17. HUD promulgated regulations establishing a burden-shifting framework for FHA disparate-impact claims. See 24 C.F.R. § 100.500(c). Some circuits have held that the Supreme Court adopted HUD's framework in Texas Dep’t of Hous. & Cmty. Affairs v. Inclusive Communities Project, Inc., 135 S. Ct. 2507, 2523 (2015). See See Mhany Mgmt., Inc. v. Cty. of Nassau, 819 F.3d 581, 618 (2d Cir. 2016) (“The Supreme Court implicitly adopted HUD’s approach....”)). Others insist that the Court modified the HUD standard or even rejected it alogether. See Inclusive Cmty. Project, Inc. v. Lincoln Property Co., 920 F.3d 890 (5th Cir. 2019) ("We read the Supreme Court’s opinion in ICP to undoubtedly announce a more demanding test than that set forth in the HUD regulation."); Reyes v. Waples Mobile Home Park Ltd. P'ship, 903 F.3d 415, 424 n.4 (4th Cir. 2018) (concluding “[w]ithout deciding whether there are meaningful differences between the frameworks, ... [that] the standard announced in [ICP], rather than the HUD regulation[,] controls our inquiry.”).
  18. The Fifth and Fourth Circuits review agency interpretations of contractual agreements de novo. See, e.g., Texas Tech Physicians Associates v. HHS, 917 F.3d 837, 844 (5th Cir. 2019) (citing cases); Burgin v. Office of Pers. Mgmt., 120 F.3d 494, 497-98 (4th Cir. 1997). Several other circuits apply the Chevron framework to (at least some) agency interpretations of contracts. See Bos. Edison, Co. v. FERC, 233 F.3d 60, 66 (1st Cir. 2000) (“FERC is entitled to some deference in construing contracts where the sales are subject to FERC regulation.”); Amoco Prod. Co. v. FERC, 765 F.2d 686, 690 (7th Cir. 1985); City of Kaukauna v. FERC, 214 F.3d 888, 894-95 (7th Cir. 2000); Wash. Urban League v. FERC, 886 F.2d 1381, 1386 (3d Cir. 1989) (“We generally defer to an agency's interpretation of agreements within the scope of the agency’s expertise, and the case for deference is particularly strong when the agency has interpreted regulatory terms regarding which it must often apply its expertise.” (citation omitted)); Muratore v. U.S. Office of Pers. Mgmt., 222 F.3d 918, 923 (11th Cir. 2000) (extending Chevron to an Office of Personnel Management’s interpretation of a federal employee's health insurance contract; factors included delegation, expertise, and uniformity); Braintree Elec. Light Dep’t v. FERC, 667 F.3d 1284, 1288 (D.C. Cir. 2012) (applying Chevron deference to FERC interpretation of settlement agreement involving electric reliability).
  19. In In re Benjamin, 924 F.3d 180 (5th Cir. May 10, 2019) (Clement, Graves, Oldham), the Court interpreted 42 U.S.C. § 405(h) to strip federal jurisdiction under only the statutory provisions it lists–28 U.S.C. §§ 1331 and 1346—and not under unlisted ones, such as bankruptcy jurisdiction under 28 U.S.C. § 1334. In so holding, the Fifth Circuit joined the Ninth Circuit on the less-popular side of a growing circuit split regarding the scope of § 405(h). The Third, Seventh, Eighth, and Eleventh Circuits have held that the provision bars review of not only of claims brought under §§ 1331 and 1346 but also § 1334 (and others). The Supreme Court recently denied certiorari in a case from the 11th Circuit raising this issue.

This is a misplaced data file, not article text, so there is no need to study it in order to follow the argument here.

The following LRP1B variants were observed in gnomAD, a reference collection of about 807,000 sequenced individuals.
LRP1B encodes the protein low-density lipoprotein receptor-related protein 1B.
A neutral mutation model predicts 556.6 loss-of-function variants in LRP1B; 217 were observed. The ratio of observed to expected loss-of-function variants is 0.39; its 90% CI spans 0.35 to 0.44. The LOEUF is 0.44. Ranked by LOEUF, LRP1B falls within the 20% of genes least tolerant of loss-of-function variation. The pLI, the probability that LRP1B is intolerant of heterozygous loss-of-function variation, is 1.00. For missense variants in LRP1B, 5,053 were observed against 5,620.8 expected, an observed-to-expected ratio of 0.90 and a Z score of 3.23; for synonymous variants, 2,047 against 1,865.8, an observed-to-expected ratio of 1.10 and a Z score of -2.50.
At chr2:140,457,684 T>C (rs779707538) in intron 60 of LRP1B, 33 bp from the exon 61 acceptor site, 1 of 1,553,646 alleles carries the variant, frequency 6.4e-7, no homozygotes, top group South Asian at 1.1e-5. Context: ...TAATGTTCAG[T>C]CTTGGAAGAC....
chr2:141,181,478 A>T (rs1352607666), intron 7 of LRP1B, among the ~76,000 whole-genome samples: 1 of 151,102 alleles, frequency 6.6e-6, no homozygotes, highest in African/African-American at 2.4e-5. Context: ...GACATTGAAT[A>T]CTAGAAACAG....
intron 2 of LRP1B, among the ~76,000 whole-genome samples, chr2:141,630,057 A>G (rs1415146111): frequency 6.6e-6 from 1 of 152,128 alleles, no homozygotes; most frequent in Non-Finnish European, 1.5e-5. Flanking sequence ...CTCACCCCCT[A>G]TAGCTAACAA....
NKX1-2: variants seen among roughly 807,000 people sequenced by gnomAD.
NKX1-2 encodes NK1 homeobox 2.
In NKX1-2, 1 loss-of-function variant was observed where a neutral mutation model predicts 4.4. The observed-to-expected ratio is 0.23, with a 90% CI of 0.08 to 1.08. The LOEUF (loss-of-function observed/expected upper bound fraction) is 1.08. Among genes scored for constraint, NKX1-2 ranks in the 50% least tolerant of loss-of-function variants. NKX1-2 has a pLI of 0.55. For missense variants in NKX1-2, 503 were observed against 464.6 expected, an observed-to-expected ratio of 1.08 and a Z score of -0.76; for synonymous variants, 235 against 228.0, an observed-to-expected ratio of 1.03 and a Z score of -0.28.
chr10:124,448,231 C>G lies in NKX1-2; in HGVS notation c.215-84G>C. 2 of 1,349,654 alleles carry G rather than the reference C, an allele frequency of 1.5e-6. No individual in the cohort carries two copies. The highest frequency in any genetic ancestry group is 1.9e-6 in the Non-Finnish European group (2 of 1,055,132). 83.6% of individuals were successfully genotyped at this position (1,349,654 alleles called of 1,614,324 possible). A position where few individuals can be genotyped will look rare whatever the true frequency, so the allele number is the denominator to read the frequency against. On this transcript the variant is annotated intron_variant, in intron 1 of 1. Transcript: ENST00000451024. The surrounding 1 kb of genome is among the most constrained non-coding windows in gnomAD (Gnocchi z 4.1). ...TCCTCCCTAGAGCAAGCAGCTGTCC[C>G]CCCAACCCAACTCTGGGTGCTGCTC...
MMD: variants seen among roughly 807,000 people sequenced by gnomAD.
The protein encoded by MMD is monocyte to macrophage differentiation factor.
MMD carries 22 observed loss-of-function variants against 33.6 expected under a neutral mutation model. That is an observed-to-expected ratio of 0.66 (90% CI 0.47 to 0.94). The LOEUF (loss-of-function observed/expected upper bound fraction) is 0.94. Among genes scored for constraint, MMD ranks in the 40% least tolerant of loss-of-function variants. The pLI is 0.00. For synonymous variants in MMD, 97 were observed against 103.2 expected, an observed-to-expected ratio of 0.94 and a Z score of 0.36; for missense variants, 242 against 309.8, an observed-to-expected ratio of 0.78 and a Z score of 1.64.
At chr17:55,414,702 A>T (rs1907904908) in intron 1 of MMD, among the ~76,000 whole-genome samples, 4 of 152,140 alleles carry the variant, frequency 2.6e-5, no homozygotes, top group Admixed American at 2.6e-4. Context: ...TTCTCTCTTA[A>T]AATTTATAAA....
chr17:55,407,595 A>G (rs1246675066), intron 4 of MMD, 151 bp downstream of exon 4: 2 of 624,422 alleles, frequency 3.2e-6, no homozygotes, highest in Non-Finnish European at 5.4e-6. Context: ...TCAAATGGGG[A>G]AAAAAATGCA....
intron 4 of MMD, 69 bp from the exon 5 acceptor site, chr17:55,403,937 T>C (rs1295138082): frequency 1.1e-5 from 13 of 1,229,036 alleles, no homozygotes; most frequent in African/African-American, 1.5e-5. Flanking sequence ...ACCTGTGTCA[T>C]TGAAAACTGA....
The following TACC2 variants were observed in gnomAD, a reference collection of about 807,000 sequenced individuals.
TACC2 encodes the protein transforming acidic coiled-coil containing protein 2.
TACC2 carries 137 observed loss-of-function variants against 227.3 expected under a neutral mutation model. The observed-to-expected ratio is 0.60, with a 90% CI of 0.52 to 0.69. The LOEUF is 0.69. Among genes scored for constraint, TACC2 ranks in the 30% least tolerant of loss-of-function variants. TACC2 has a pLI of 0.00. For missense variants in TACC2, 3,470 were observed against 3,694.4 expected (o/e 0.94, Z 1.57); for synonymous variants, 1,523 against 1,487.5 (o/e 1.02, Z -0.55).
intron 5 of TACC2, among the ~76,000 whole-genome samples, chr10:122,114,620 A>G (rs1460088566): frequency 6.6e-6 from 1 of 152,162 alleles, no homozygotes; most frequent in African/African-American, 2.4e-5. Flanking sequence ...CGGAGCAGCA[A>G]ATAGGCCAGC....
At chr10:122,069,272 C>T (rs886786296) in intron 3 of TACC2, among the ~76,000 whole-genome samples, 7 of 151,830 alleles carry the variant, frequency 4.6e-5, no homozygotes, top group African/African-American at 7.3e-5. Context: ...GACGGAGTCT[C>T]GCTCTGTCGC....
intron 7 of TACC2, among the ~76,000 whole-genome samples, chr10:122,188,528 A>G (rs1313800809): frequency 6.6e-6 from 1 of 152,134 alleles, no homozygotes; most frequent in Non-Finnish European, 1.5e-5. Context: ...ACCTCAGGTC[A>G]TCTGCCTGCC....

20. The Fifth Circuit's holding in Louisiana Real Estate Appraisers Board v. FTC, 917 F.3d 389 (5th Cir. Feb. 28, 2019) (King, Higginson, Costa) (per curiam), that while the collateral-order doctrine might permit immediate review of certain administrative decisions, it doesn’t apply to an FTC order denying state-action immunity to a state agency alleged to have violated federal antitrust laws expressly rejects the First Circuit’s holding that the doctrine is “generally applicable” to administrative decisions.
  21. In W.M.V.C. v. Barr, No. 17-60753 (5th Cir. June 7, 2019) (Smith, Willett) (King, dissenting), the Fifth Circuit held that for purposes of determining whether the government's position was "substantially justified" under the Equal Access to Justice Act, the Court must evaluate the government's position under the totality of the circumstances. In so holding, the majority claimed to be "join[ing] the vast majority of our sister circuits," and added that only the D.C. Circuit had rejected its view. The dissent saw the state of the law differently, insisting that “the majority stands alone with the Seventh Circuit," in taking a position that "the Sixth, Tenth, and D.C. Circuits" have rejected.
  22. In Shah v. Azar, 920 F.3d 987 (5th Cir. Apr. 12, 2019) (Higginbotham, Dennis, Costa), the Fifth Circuit joined four other circuits in holding that physicians do not have a protected property interest in continued participation in Medicare. See Parrino v. Price, 869 F.3d 392, 397-98 (6th Cir.  2017); Erickson v. U.S. ex rel. Dep't of Health & Human Servs., 67 F.3d 858, 862 (9th Cir. 1995); Koerpel v. Heckler, 797 F.2d 858, 863–65 (10th Cir. 1986); Cervoni v. Sec'y of Health, Ed. & Welfare, 581 F.2d 1010, 1018–19 (1st Cir. 1978). The Fourth Circuit has held otherwise. Ram v. Heckler, 792 F.2d 444, 447 (4th Cir. 1986).
  23. In Melendez v. McAleenan, No. 18-20341 (5th Cir. June 27, 2019) (Barksdale, Southwick, Haynes), the Court held that that an alien is deemed to have “maintain[ed] lawful status” under 8 U.S.C. § 1254a(f)(4) only during the “period in which [he] is granted temporary protected status.” The Court acknowledged that its interpretation of the statute contradicted that of the U.S. District Court for the Eastern District of Pennsylvania in Medina v. Beers, 65 F. Supp. 3d 419 (E.D. Pa. 2014).
Circuit-Split Roundup UPDATED Aug. 7, 2020